Of course, Justice Scalia would seem more than glad to testify against Mr. Justice Kennedy for his rewrite of the law, if someone wanted to bring Articles of Impeachment for that. But that might prove shakier than calling out Ginsburg and Kagan on blatant breaches of Court rules. (The Chief Justice, though, bears investigation! Rumors that he adopted two Irish children and passed them off as Costa Ricans, have dogged him for almost ten years. If he so acted, he broke Irish law and certain treaties. Maybe Obama, knowing this, blackmailed him at least twice.)

Articles of Impeachment need 51 percent of the House of Representatives to bring, and two-thirds of the Senators present to convict on. A popular movement could start now to call on the House to impeach these two judges. Any number of popular petition sites could give enough raw data for any House or Senate candidate to use. The Senate might even be one more election away from getting two-thirds of its members all on the side of the Constitution against the wild judges. And if enough “blue” Senators in “red” States saw their seats under threat, they might sooner vote to remove two obviously in-your-face rogue Justices who made jenny-asses of themselves and demonstrably brought the Court, and indeed all judges, into scandal and disrepute.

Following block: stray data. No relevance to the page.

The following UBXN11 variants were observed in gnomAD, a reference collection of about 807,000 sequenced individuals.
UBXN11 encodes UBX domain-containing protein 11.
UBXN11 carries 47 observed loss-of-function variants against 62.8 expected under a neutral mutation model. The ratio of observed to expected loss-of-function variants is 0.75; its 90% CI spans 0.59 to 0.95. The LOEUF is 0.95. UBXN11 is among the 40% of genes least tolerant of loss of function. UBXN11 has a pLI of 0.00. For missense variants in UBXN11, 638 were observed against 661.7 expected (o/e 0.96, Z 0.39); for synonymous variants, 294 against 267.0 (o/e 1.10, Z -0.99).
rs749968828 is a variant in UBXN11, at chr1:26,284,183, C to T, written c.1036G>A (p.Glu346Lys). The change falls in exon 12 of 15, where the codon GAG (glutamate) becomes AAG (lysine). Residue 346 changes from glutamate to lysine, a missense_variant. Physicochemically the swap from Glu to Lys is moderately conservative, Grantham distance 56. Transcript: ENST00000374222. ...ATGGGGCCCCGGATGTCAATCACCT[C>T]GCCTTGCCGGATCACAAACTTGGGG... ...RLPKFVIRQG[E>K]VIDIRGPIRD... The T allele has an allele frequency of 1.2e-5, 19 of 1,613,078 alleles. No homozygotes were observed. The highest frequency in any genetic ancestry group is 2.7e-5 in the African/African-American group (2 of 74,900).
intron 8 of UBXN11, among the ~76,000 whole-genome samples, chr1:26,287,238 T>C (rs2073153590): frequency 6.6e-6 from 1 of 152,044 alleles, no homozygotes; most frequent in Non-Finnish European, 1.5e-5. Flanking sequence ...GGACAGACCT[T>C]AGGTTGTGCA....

But: the Senate must take care not merely to remove such a judge, but to forbid said judge ever again to hold office of honor, trust or profit under the United States. The Senate failed to do this in the case of Judge Alcee Hastings, who took bribes from litigants while trying their cases. For that reason, Judge Alcee Hastings became Representative Alcee Hastings, Democrat of the Fourteenth District of Florida. (Now there’s an idea: as soon as we have two thirds of the House on our side, let them expel the former Judge Hastings and correct that mistake.)